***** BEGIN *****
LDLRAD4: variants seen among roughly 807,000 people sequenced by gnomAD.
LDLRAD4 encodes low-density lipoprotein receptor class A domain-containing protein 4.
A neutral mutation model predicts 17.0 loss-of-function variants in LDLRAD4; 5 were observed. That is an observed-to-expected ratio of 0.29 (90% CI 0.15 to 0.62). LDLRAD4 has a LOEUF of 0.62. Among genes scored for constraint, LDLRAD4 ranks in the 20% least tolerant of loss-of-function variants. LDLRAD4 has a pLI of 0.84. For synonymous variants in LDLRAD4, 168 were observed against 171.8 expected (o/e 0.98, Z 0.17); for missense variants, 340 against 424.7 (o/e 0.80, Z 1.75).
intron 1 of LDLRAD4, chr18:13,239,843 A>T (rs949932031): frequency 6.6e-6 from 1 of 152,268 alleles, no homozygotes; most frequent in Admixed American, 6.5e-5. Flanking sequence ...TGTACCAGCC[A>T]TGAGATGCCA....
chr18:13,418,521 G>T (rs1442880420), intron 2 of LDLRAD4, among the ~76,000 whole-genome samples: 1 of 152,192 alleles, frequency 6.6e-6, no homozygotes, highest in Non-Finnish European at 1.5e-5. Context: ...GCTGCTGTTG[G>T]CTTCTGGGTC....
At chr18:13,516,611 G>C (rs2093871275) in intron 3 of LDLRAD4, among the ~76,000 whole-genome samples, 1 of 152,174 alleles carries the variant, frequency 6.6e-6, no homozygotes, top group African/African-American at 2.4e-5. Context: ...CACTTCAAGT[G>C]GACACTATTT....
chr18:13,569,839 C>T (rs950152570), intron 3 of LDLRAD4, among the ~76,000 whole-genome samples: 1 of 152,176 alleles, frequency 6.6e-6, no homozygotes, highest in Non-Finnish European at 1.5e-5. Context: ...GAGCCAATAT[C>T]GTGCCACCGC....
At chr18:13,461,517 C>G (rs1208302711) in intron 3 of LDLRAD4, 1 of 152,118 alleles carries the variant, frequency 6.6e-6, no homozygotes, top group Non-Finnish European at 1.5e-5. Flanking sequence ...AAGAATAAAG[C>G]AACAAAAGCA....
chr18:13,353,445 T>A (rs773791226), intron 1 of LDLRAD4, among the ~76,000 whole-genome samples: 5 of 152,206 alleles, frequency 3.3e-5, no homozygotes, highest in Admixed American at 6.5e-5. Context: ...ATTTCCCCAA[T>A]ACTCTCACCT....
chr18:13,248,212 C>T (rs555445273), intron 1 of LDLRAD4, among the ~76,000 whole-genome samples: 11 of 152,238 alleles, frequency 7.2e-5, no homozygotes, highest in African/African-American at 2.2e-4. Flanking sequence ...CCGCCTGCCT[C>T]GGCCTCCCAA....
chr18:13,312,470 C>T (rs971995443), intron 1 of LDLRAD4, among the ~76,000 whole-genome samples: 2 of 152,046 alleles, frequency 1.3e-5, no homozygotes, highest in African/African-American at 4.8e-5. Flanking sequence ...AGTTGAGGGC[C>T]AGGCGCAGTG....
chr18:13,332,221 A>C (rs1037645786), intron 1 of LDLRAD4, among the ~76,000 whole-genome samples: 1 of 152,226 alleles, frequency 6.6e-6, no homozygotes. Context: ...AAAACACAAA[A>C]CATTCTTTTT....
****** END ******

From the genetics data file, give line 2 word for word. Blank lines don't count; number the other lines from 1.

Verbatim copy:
LDLRAD4 encodes low-density lipoprotein receptor class A domain-containing protein 4.